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Abstract Expressionism: A New Art for a New World

After the atrocities of World War II, many artists felt that the world needed to be reinvented


1944-N No. 2

Clyfford Still
(American, 1904–1980)

1944. Oil on canvas, 8' 8 1/4" x 7' 3 1/4" (264.5 x 221.4 cm)

In 1944-N, No. 2, an uneven background of black is interrupted by a few jagged fissures of red, yellow, white, and green. Still used a palette knife to apply the thick impasto onto an oversized canvas, resulting in an irregularly textured surface. The artist rejected any figurative interpretations of his work, claiming to remove any recognizable imagery: “I paint only myself, not nature.”1 In fact, he wanted to obliterate any connection to the European tradition of painting. “Pigment on canvas,” he wrote, “has a way of initiating conventional reactions. … Behind these reactions is a body of history matured into dogma, authority, tradition. The totalitarian hegemony of this tradition I despise, its presumptions I reject.”2

Benjamin Townsend, "An interview with Clyfford Still," Gallery Notes, Albright-Knox Gallery vol. 24 no. 2, Summer 1961, pp. 10–16. Reprinted in Maurice Tuchman, New York School: The first generation, (Greenwich, Connecticut: New York Graphic Society 1965), 148.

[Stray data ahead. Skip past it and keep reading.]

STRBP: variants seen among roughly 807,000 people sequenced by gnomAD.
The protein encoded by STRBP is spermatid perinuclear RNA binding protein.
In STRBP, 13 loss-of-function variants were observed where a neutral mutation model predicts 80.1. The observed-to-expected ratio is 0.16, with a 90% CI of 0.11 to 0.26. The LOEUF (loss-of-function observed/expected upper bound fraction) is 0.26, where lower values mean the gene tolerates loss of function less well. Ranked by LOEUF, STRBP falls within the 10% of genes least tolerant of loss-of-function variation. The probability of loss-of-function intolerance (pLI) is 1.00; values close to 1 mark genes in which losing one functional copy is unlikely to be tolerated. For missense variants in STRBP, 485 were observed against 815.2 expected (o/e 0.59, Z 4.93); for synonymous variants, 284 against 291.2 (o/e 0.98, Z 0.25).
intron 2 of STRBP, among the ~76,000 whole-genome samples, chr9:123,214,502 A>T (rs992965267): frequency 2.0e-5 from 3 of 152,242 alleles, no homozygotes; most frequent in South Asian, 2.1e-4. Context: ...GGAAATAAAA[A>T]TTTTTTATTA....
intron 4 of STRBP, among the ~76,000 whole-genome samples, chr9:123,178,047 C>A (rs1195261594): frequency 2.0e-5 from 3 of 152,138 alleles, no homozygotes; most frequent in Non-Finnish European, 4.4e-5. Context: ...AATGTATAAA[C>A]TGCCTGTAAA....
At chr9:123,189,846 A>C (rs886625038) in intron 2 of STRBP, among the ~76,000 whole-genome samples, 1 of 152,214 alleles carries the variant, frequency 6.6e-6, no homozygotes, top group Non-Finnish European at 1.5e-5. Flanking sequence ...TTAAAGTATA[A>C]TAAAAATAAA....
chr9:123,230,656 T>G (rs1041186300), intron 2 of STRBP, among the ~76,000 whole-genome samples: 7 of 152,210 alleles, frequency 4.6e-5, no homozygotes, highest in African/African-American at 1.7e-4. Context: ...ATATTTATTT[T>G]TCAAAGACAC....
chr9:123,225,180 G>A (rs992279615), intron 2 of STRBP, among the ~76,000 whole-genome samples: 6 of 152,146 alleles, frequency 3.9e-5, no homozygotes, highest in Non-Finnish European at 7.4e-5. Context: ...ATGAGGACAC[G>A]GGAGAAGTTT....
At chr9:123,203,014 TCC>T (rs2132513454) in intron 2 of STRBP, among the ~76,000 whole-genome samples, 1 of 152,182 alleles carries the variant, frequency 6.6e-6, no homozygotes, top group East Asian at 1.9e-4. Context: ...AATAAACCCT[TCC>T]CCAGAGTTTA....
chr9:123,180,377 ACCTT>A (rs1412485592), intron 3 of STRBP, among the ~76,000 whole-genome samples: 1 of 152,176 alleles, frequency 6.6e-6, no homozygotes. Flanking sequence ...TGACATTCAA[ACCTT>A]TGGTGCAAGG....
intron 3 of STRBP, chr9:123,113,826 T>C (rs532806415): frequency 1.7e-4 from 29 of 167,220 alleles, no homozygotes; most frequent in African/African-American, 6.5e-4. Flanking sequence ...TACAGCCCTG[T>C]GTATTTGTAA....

The Museum of Modern Art, MoMA Highlights, New York: The Museum of Modern Art, revised 2004, originally published 1999, 193.
Donald Kuspit, “Frontier Abstraction,” Artnet.com. http://www.artnet.com/magazine/features/kuspit/kuspit7-24-01.asp.

A representation of a person or thing in a work of art.

A work of art made from paint applied to canvas, wood, paper, or another support (noun).

A closely woven, sturdy cloth of hemp, cotton, linen, or a similar fiber, frequently stretched over a frame and used as a surface for painting.

An Italian word for “mixture,” used to describe a painting technique wherein paint is thickly laid on a surface, so that brushstrokes or palette knife marks are visible.

A combination of pigment, binder, and solvent (noun); the act of producing a picture using paint (verb, gerund).

A substance, usually finely powdered, that produces the color of any medium. When mixed with oil, water, or another fluid, it becomes paint.

A flexible, thin blade with a handle, typically used for mixing paint colors or applying them to a canvas.

Representing a form or figure in art that retains clear ties to the real world.

The area of an artwork that appears farthest away from the viewer; also, the area against which a figure or scene is placed.

Untitled, Un-Manipulated
Clyfford Still generally used a system of numbers, years, and letters to identify his works, convinced that titles manipulated the viewing experience. He stated, “The pictures are to be without titles of any kind. I want no allusions to interfere with or assist the spectator. Before them I want him to be on his own, and if he finds in them an imagery unkind or unpleasant or evil, let him look to the state of his own soul.”3